Health authorities in Liberia have reported that nearly two dozen or more people have recovered from COVID-19 in Liberia, the country’s largest one-day recovery so far.
There are, however, conflicting figures about the exact number of recoveries, with Dr. Mosoka Fallah reporting 20 recoveries and Dr. Francis Kateh reporting 26 recoveries. Up to the publication of this story, an NPHIL spokesperson could not confirm from the Institute’s data center the exact figure.
Whatever be the figure, the encouraging number of recovery cases coincides with concerning news that so far, 29 health workers have contracted the Coronavirus, in addition to one health worker who has already succumbed to the virus.
With 665 tests done so far, which is less than 50 per day, the country’s COVID-19 cases are expected to increase as high-risk contact continue to grow—a situation which might soon lead to overcapacity and precautionary observation centres (POC).
If that happens, the government has planned to initiate home-quarantine for high-risk contacts in order to avoid the total breakdown of the country’s 77 POC.
In its 36th situation report, the National Public Institute of Liberia (NPHIL) has said that it has recorded 1,432 contacts including 246 health workers with infection age ranging from 1 month to 74 years and median age of 41 years.
The report added out of the 105 confirmed cases, 65 are isolation and 659 (18 new) samples have been tested so far with more expected in the coming days.
According to Dr. Mosoka Fallah, Liberia’s chief infectious disease expert, the health authorities are deliberating on additional measures, which include the re-fencing of Montserrado County, the epicentre of the virus, to contain it from spreading into communities to unaffected areas.
“If you look at the epidemiology of the disease, there are more communities with cases than the other. Basically, we will re-fence Montserrado into the high and low-risk zones. If you are from the high-risk zone, you might be told to either stay within the confines of your community or we will set up check-points to do daily temperature check and through screening.
Dr. Fallah Worries about Health Care Workers
Dr. Fallah added the most scaring part in the battle of the COVID-19 is the high infection rate among health care workers, who are the frontline workers.
Dr. Fallah, who is the Director-General of NPHIL, said: “as long as the disease continues to spread, health care workers remain at great risk”, but they are working to control the high rate of infection among health care workers.
Dr. Fallah’s fear comes as health care workers across the country continue to see patients without protective equipment due to the country’s limited capacity.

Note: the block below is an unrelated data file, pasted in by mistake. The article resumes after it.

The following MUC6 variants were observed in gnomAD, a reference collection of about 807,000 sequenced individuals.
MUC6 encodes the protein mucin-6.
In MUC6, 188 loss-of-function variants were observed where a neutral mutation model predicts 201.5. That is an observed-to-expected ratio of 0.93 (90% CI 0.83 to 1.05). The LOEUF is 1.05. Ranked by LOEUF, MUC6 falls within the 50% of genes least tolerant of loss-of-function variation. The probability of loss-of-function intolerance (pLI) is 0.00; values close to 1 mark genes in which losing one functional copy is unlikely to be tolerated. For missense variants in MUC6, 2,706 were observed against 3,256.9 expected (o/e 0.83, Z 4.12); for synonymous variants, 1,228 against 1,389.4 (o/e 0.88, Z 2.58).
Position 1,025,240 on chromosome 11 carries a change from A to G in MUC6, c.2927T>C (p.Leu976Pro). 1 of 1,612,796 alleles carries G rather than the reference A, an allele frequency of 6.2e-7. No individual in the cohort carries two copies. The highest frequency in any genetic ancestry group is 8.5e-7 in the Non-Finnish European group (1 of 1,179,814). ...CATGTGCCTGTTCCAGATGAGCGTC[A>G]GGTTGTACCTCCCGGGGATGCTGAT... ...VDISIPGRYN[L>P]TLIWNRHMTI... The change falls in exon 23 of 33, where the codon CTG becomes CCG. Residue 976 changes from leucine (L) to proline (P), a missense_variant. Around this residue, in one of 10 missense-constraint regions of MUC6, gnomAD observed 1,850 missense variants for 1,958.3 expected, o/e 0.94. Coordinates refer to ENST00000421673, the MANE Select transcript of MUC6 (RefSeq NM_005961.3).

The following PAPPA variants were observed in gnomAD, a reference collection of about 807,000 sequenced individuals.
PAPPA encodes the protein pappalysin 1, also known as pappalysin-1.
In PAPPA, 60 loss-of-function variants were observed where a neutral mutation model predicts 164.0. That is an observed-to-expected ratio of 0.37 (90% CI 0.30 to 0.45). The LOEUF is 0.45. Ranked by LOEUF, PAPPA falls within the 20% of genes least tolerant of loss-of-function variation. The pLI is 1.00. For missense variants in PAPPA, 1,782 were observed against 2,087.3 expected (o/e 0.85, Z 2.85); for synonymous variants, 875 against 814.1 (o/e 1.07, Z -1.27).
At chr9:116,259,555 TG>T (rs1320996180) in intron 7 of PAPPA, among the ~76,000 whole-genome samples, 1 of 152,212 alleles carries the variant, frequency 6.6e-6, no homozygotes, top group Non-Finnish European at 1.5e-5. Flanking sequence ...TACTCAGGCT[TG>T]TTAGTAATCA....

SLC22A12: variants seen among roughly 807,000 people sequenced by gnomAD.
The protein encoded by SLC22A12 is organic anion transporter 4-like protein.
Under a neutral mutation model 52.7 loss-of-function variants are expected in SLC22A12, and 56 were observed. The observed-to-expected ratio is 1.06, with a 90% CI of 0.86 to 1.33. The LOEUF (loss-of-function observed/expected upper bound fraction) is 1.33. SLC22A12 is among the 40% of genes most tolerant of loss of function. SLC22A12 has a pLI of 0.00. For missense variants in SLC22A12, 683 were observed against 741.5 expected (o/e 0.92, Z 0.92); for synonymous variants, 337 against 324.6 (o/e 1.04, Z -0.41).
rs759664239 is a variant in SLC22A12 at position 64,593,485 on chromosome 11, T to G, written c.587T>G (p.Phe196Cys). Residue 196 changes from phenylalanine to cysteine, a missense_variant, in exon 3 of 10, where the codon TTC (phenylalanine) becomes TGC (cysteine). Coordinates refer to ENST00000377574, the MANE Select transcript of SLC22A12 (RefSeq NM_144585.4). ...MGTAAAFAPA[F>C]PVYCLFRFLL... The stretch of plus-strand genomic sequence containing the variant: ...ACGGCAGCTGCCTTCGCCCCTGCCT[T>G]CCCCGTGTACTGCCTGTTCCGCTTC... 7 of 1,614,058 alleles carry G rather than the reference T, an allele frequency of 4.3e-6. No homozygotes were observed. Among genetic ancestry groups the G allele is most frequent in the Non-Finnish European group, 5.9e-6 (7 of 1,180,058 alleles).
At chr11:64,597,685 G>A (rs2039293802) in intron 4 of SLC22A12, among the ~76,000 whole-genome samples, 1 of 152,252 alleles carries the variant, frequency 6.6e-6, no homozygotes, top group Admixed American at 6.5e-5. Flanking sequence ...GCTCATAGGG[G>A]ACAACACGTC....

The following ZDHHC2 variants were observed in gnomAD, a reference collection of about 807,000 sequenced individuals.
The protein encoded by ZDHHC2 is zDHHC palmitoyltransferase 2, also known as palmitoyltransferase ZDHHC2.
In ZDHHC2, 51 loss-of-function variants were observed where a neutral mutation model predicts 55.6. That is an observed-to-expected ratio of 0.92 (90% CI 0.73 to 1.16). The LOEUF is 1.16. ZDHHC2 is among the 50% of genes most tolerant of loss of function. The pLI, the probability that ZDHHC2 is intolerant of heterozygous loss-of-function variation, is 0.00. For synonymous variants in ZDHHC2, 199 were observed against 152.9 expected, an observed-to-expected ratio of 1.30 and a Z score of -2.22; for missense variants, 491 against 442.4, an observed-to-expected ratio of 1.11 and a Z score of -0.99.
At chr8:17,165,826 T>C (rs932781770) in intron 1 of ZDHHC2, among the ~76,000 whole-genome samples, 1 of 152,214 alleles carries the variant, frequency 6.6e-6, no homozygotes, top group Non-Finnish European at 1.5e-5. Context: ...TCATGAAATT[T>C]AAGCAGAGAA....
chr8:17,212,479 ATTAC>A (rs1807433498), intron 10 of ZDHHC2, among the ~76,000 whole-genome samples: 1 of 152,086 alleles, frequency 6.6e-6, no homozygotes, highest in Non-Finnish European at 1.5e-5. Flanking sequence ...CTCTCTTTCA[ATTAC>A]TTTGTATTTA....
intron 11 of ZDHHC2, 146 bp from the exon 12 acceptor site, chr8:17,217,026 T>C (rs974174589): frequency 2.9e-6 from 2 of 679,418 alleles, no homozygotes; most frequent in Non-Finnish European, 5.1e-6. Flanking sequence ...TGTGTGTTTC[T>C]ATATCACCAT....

And with the fewer health care workers available, the continuous increase in cases means the country already fragmented, under-financed, and overburdened health system might not be able to meet the needs of the majority.
As such condition remain unaddressed, several public run hospitals, including the nation’s largest referral hospital, John F. Kennedy Memorial Hospital and other private hospitals are closing their out-patient ward (OPD) and turning patients away for fear of the unknown, making it difficult for patients with curable illnesses to access treatment.
“We do not know who is who, so without protective equipment, we may not risk our lives to treat patients. We are not short-staffed, yet most of us are getting ill,” said a medical doctor from JFKMC. “The hospital does not have enough protective gear, and it is not just our hospital that doesn’t. The rest also don’t have, and they are complaining. We want to serve, but once we are not getting the support, it is risky. We know this is an exceptional time, but more action is required.”
With limited time left to save health care workers, especially now that community transmission takes centre stage, Dr. Fallah said the country might soon copy China’s model of shutting down most clinics in order to have few open to be used as a fever clinic. The fever clinic, according to Dr. Fallah, is intended to screen people seeking treatment and scale-up testing in order to help the country flatten the infection rate.
“It will be that massive level of testing. Another method is to isolate high-risk contacts at the 77 POCs across the country. If the number increases beyond capacity, we will work with communities’ leadership to allow home quarantine,” Dr. Fallah said.
Meanwhile, former senator John Ballout, a COVID-19 survivor, has said the 14 Military Hospital, which the government is using to treat those who have contracted the disease, lacks an Intensive Care Unit (ICU), standard laboratory, oxygen and X-ray machines, among other vital tools, to treat patients.
According to Ballout, while at the facility, some of the nurses fell ill, a dire sign for the country.
“We need to [do] serious work on the health sector,” he said.